Office for iPad: Is it any good?

With a polished set of Office apps for the iPad, Microsoft may be marking the end the Windows PC era.

Microsoft boss Satya Nadella's first public appearance since his appointment has gone down like a treat. The launch of the long awaited Word, Excel and Powerpoint iPad apps has been welcomed with open arms and Nadella is doing a lot right, as far as investors and users are concerned.

Microsoft stock closed last night at 14-year high -- the company’s share price is up 11 per cent since the new CEO took office -- and the Word app appeared at the number eight spot in last week’s Apple Store revenue earners.

While Microsoft seems to have found its cloud computing and mobile mojo, the question for users is how good are the new apps?

In Microsoft’s absence on the iPad a plethora of Office replacement apps have appeared; most notably Google Drive and Apple’s own office productivity products, Pages, Numbers and Keynote.

Given that there's no shortage of competitors, Microsoft has had to deliver a polished app that meets users’ high expectations.

A polished iOS app

The apps themselves are available to download for free from the Apple Store. However, users without an Office 365 account can only view Word, Excel and Powerpoint documents; to get access to all the editing and creation features a subscription with Microsoft’s Cloud Service is needed.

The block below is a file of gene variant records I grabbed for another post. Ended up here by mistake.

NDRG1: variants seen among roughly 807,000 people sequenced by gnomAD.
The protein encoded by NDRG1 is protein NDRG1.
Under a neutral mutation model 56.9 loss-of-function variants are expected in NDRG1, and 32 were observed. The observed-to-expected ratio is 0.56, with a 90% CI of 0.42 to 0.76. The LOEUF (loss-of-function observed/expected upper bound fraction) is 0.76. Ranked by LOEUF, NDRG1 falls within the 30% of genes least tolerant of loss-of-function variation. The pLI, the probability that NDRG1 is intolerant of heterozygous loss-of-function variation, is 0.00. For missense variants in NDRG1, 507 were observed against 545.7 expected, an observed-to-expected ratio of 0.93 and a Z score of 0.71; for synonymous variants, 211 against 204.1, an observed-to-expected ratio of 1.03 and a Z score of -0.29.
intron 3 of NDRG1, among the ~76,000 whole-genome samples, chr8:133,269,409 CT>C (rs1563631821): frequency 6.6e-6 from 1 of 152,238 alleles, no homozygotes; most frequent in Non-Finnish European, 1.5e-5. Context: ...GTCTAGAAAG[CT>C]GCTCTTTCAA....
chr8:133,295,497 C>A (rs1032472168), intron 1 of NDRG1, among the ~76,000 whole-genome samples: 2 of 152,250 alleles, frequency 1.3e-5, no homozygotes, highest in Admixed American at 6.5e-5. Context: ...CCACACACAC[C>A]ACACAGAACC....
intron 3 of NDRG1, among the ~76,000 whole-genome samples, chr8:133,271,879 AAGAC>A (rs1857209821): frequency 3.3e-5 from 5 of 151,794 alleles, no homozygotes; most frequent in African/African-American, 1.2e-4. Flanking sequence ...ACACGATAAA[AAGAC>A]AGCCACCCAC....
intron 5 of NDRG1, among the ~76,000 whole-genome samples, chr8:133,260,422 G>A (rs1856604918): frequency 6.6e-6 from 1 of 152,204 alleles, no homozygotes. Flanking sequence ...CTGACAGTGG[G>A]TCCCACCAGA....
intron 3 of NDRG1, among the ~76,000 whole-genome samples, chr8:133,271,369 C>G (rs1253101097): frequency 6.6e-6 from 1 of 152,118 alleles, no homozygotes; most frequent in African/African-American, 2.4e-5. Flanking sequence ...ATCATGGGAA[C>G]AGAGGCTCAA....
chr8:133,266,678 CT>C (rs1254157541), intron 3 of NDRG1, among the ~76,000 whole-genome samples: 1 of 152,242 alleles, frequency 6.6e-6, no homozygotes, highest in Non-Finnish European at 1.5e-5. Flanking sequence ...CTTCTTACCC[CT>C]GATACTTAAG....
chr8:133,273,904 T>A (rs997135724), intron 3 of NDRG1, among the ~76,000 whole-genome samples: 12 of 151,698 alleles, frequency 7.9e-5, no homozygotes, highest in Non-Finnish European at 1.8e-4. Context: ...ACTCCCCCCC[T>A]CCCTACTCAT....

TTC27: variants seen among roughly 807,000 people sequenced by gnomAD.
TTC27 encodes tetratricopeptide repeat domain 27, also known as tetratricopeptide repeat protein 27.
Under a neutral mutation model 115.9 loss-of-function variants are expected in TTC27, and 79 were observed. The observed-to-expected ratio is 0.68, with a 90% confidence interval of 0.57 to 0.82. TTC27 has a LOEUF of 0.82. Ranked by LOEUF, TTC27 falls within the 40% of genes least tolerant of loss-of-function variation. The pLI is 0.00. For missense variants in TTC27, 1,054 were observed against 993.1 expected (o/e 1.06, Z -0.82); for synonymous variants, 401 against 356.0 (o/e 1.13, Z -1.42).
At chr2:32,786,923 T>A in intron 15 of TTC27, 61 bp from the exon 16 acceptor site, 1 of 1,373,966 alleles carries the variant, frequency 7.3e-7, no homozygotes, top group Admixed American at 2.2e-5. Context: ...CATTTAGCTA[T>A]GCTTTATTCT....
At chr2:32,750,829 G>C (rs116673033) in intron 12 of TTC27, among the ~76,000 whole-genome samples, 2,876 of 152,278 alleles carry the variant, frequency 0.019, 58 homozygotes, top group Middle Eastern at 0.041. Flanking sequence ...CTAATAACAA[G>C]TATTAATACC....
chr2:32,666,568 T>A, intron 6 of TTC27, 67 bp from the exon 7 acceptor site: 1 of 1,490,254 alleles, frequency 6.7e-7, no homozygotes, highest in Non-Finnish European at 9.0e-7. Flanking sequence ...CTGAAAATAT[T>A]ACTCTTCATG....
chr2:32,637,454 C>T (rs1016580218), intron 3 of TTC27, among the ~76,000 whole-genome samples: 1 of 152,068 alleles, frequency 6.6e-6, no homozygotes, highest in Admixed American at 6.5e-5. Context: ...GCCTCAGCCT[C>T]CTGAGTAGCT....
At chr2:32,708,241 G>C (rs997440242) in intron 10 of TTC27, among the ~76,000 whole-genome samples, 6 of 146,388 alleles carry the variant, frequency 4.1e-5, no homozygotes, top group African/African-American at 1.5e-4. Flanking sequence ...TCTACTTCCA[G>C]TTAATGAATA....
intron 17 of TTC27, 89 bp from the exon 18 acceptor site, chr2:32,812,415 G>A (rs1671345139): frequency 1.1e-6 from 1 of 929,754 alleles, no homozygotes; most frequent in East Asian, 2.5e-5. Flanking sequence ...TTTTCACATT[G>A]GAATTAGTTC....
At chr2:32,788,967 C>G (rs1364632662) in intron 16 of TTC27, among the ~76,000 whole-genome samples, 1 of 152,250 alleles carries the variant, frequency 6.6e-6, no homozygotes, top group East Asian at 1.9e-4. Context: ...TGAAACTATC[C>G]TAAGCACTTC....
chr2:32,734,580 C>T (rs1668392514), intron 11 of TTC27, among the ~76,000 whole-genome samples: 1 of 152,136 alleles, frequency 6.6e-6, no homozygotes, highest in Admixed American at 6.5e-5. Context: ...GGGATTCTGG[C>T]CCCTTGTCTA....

Downloading the apps is a straightforward task, identical to any other app. Having installed them, you’re then asked whether you have an existing Office365 account or if you want to purchase a $100 subscription.

Should you choose the latter, the purchase is made within the app, giving Apple a healthy 30 per cent clip of Microsoft’s ticket. Students of computing history will crack a wry smile at this point, as for many years Microsoft’s Apple products were a very profitable line for the company -- the rise of the tablet computer has turned the tables firmly in the marketplace.

Like most iOS apps the Office programs rely upon remote storage so it’s necessary to have either a Microsoft Office SkyDrive account, part of the Office365 service, or a business server running Sharepoint to access company files.

Configuring Sharepoint access will require talking to your business’ tech support team and possibly even some tweaking of a company’s server’s settings to work around some early glitches.

The SkyDrive setup is far simpler and quick to get started, and once up and running, current subscribers will find all their files are accessible.

A rich featured app

The first impression of using Word or Excel is ‘it’s different to the desktop version’. However, the menus have been optimised for tablet touch screens and they are intuitive; power Office users won’t find a steep learning curve from the desktop Mac or Windows versions.

The range of features available is a pleasant surprise. While Microsoft hasn’t been able to pack all the desktop office features into the iPad apps, they are much more richly featured than their competitors.

Power users will be pleased to find many of the key features of Office are available on the iPad apps; particularly useful are the Track Changes feature, which is far more powerful than the Google Drive version, and a much wider range of editing tools and functions in both Word and Powerpoint.